We ARE talking about 21 houses, right? Not the other thousands that are available at a fraction of those prices in other parts of the city? Am I missing something?

  12. #12

    Default

    Quote Originally Posted by Zozo View Post
    No. Poor have less decisions than the rich, because they have less resources.
    This, in a nutshell.

  13. #13

    Default

    Quote Originally Posted by SammyS View Post
    Are you suggesting it’s a right to OWN a house?
    It's not a right to own a home. Same as it's not a right to own a car.

  14. #14

    Default

    Quote Originally Posted by bartocktoo View Post
    We ARE talking about 21 houses, right? Not the other thousands that are available at a fraction of those prices in other parts of the city? Am I missing something?
    "Affordable housing" is a cliche meaning housing profits for anyone in the affordable housing industry. Subsidies guarantee housing profits in an economy in which the median standard of living has been decreasing since 1978 while regulations, fees, and taxes have made housing less affordable.

    Of course, according to AOC and the Soviet Constitution of 1936, housing is a right. That doesn't mean that quantity and quality are givens.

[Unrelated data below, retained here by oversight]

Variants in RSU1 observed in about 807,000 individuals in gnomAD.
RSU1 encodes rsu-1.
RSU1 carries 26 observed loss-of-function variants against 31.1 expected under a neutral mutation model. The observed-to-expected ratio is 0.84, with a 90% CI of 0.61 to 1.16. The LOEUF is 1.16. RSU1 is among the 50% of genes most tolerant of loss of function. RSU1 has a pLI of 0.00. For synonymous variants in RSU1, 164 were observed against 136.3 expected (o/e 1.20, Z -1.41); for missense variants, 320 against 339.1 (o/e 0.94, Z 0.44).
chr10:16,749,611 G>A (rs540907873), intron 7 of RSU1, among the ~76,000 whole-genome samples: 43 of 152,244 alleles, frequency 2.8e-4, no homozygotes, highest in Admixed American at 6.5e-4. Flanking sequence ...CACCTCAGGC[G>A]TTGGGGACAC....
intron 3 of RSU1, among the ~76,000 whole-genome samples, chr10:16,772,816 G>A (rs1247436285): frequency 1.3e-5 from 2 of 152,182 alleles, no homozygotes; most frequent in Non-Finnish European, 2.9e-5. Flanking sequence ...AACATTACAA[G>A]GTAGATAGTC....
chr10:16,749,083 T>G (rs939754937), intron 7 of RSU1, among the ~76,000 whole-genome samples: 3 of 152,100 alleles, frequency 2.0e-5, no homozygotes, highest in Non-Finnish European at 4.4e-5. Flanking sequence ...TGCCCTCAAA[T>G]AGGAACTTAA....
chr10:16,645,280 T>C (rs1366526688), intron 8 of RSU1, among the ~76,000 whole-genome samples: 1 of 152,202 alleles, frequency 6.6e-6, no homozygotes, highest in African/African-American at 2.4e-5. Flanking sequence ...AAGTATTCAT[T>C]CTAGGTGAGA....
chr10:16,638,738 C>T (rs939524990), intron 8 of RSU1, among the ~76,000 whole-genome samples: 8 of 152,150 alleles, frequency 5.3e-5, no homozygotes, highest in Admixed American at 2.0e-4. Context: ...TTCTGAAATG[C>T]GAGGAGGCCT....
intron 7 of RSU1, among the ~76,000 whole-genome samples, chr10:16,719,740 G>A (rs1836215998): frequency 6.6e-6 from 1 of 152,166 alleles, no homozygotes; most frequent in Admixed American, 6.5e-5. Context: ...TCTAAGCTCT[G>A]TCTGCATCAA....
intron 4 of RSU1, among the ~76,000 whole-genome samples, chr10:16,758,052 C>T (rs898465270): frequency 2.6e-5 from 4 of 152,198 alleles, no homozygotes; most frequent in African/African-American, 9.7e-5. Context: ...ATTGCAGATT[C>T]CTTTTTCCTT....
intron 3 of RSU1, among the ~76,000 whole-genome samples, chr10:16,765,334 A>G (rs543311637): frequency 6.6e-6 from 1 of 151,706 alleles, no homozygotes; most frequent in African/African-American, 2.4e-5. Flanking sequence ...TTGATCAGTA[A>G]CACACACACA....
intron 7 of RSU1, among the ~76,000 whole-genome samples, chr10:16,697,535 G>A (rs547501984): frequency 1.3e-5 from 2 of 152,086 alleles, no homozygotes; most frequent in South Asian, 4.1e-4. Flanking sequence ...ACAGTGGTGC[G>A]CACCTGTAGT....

15. #15

    Default

    Quote Originally Posted by renf View Post
    In Detroit in 2018, there were 52,000 households swho reported cash incomes below $10,000 and another 21,000 with incomes between . $10,000 and $20,000. If they spend 30 percent of their income for shelter, they can pay $500 per month for rent. I suspect there is not many safe, reasonably maintained units available at that price.
    If all they could afford is $500 per month for rent, wouldn't a section 8 housing voucher cover the difference?

    "How much rent will I have to pay if I have a Section 8 voucher?
    Your rent payment is based on your income. The voucher will pay anything above 30% of your adjusted monthly income up to an established limit. For example, if you earn $2,000 per month and the home you want rents for $900 per month, you would pay $600 and the voucher would cover the difference of $300 as long as the Fair Market Rent for your area is equal to or greater than $900."https://paramark.us/section-8-frequently-asked-questions/

  16. #16

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    Affordable housing in Detroit is defined by needed home improvement work on a cheap rent building in the ghetto which slumlords will not fix, juts collect your SSI and Welfare checks.

    And well kept up Detroit homes with high rent and a paying salary based jobs.

    If you want a nice home in Detroit, find you a subsidized apartment and check for leaks, electrical problems and bed bugs.